I Always Wanted to Write a Cookbook

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As a teenager, I liked nothing better than taking over my mother’s kitchen to make dinner. I made dishes like chicken paprika with homemade spaetzle, beef Wellington and baklava. This was in the 1970’s—long before the Food Network and the cult of the celebrity chef. We did, however, have Julia Child!

When I first started writing almost 30 years ago, my first articles, Middle East Meals on a Stick ( otherwise known as kebabs) and a Persian New Year’s Feast, were cooking pieces that included recipes. Back then, I wasn’t exactly sure where my writing would lead— or if it would in fact, lead anywhere at all. But somewhere along the way, I had read that new writers should “write what you know”.  At the time what I knew  was how to  manage a household  with very little money and  four kids under 7 -years old.  So it is not surprising that early in my career that I settled into writing a steady stream of how-to parenting pieces like How to Pay Less for Back-to-School Shopping and Waiting Room Strategies for Toddlers.  

Then as the kids grew up, I transitioned to travel writing. I haven’t looked back. I’m just about to start writing No Access Boston, my sixth Boston/New England travel book.

And while I was figuring out how to have a career and raise my kids, I was cooking for a full house.   And just as when I was a kid, cooking was also my hobby. Spending time in the kitchen, whether cooking by myself or cooking with the kids, was one of the ways I stayed sane when I was a stay-at-home Mom. And it is certainly true that each of my now- adult children loves to eat and make good food.  Ok, for my three sons the emphasis is on “loves to eat,”or more accurately, loves to eat out. But especially as they begin to pay down their student loans,  the boys are increasingly interested in learning how to cook.

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Shashuska- eggs poached in a spicy tomato sauce. The kind of budget-friendly  dish that  I encourage my sons to make!

But my daughter Leda has really taken to cooking. Maybe because there was only 3 1/2 years among the three boys, the boys always played with each other.  Leda is the baby of our family. She has has always been my little shadow, staying near me as I went about my day including lots of time cooking with me.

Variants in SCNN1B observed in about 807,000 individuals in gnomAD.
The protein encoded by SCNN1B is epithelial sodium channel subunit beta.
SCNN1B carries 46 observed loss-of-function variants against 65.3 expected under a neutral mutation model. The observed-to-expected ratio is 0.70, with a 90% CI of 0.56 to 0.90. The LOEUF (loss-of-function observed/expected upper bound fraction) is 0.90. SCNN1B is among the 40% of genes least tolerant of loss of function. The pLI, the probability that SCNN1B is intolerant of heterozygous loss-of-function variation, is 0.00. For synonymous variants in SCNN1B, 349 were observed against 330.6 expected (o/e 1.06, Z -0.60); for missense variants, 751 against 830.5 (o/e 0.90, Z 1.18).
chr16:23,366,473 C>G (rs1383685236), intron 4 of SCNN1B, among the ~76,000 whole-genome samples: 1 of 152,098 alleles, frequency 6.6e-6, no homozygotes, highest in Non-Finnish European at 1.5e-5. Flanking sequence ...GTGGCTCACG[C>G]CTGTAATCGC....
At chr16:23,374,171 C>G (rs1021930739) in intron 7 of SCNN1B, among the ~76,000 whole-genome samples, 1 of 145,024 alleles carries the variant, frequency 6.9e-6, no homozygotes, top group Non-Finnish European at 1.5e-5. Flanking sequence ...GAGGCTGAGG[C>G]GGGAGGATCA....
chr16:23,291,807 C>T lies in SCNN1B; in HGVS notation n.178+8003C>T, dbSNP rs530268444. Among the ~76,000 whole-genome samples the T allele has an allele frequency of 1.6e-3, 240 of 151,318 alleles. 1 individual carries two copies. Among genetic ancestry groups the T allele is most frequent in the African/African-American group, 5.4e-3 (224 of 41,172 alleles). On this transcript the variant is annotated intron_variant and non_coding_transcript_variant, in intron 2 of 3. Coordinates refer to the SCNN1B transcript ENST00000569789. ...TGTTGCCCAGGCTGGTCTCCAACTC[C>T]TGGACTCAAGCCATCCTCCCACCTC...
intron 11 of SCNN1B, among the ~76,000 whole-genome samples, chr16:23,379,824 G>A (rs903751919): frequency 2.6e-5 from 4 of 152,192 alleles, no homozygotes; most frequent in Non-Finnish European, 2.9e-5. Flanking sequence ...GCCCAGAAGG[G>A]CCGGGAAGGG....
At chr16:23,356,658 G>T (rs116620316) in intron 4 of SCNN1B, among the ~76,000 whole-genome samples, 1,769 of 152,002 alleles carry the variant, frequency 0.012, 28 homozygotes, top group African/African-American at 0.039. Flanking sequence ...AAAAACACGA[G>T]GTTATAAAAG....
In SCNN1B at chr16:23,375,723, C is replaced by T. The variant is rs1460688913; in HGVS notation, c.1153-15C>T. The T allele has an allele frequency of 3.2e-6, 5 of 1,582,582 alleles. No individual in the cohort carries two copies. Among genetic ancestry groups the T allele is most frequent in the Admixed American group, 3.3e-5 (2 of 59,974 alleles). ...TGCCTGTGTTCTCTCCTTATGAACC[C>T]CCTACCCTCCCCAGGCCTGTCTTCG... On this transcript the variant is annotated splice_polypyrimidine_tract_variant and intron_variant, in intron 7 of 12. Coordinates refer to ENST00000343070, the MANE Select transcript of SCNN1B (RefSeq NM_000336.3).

Today, at 21, she really knows her way around the kitchen. Now in her 4th year at the University of Edinburgh  — where student life means no dorms (and food plan) after the freshman year— she has really had to learn to cook.

When she is at school, there is hardly a few days that go by when we are not texting photos of the dishes we have made.  And when Leda is home for school breaks we spend a lot of time cooking together, whether that be weekday cooking to perfecting roasting a chicken or making homemade pasta for Sunday dinner with the family.

For the past couple of years, Leda and I would cook something that would turn out well and we would say “We should put that recipe in our cookbook.” This is that cookbook.

I decided to use Blurb to self-publish our project, Favorites from the Olia Kitchen. I did a little cookbook market research and surprisingly there aren’t any Mother-Daughter cookbooks.  We decided to divvy up our family favorite recipes: the shashuska recipe from the New York Times,  Nigella Lawson’s chocolate chocolate chip cookies, and  my own version of Boston Cream pie,  and each take a turn writing the  introductions — mine end with —(M) , hers with — (L). Most of the photographs are Leda’s. The best photographs are definitely Leda’s.

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One of Leda’s terrific shots !

We did a small print run to give out as gifts for Christmas. The early reviews from the family have been fantastic. Now the book is sold on Amazon. Not that I would expect anyone to pay $39 for a paperback book of our family recipes. When we get to 100 recipes, I may even consider having the book printed in hardcover.  But I think that this could be the start of something….

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Yes, you too can bake a Boston Cream Pie. I can show you how!

 

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